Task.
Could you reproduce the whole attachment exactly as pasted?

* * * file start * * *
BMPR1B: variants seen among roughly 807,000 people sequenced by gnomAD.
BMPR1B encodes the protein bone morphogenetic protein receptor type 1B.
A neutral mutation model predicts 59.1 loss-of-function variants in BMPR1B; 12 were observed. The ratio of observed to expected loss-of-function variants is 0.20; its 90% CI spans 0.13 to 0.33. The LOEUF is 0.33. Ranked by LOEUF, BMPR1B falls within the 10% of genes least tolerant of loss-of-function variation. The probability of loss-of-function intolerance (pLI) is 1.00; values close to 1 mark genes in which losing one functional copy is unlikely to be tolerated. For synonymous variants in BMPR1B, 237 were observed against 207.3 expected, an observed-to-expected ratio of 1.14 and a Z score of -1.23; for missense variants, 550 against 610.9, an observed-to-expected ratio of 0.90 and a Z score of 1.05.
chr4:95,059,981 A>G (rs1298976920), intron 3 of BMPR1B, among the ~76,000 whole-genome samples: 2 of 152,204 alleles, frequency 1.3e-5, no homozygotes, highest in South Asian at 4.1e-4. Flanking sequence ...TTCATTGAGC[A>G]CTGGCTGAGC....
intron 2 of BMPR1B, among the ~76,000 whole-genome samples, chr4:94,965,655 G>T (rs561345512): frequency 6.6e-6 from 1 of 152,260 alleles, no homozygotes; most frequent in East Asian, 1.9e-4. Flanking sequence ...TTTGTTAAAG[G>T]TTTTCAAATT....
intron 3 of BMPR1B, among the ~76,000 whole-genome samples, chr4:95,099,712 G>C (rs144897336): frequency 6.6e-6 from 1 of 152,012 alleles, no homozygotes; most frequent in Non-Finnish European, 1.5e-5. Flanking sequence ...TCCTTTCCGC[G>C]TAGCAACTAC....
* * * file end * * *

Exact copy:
BMPR1B: variants seen among roughly 807,000 people sequenced by gnomAD.
BMPR1B encodes the protein bone morphogenetic protein receptor type 1B.
A neutral mutation model predicts 59.1 loss-of-function variants in BMPR1B; 12 were observed. The ratio of observed to expected loss-of-function variants is 0.20; its 90% CI spans 0.13 to 0.33. The LOEUF is 0.33. Ranked by LOEUF, BMPR1B falls within the 10% of genes least tolerant of loss-of-function variation. The probability of loss-of-function intolerance (pLI) is 1.00; values close to 1 mark genes in which losing one functional copy is unlikely to be tolerated. For synonymous variants in BMPR1B, 237 were observed against 207.3 expected, an observed-to-expected ratio of 1.14 and a Z score of -1.23; for missense variants, 550 against 610.9, an observed-to-expected ratio of 0.90 and a Z score of 1.05.
chr4:95,059,981 A>G (rs1298976920), intron 3 of BMPR1B, among the ~76,000 whole-genome samples: 2 of 152,204 alleles, frequency 1.3e-5, no homozygotes, highest in South Asian at 4.1e-4. Flanking sequence ...TTCATTGAGC[A>G]CTGGCTGAGC....
intron 2 of BMPR1B, among the ~76,000 whole-genome samples, chr4:94,965,655 G>T (rs561345512): frequency 6.6e-6 from 1 of 152,260 alleles, no homozygotes; most frequent in East Asian, 1.9e-4. Flanking sequence ...TTTGTTAAAG[G>T]TTTTCAAATT....
intron 3 of BMPR1B, among the ~76,000 whole-genome samples, chr4:95,099,712 G>C (rs144897336): frequency 6.6e-6 from 1 of 152,012 alleles, no homozygotes; most frequent in Non-Finnish European, 1.5e-5. Flanking sequence ...TCCTTTCCGC[G>C]TAGCAACTAC....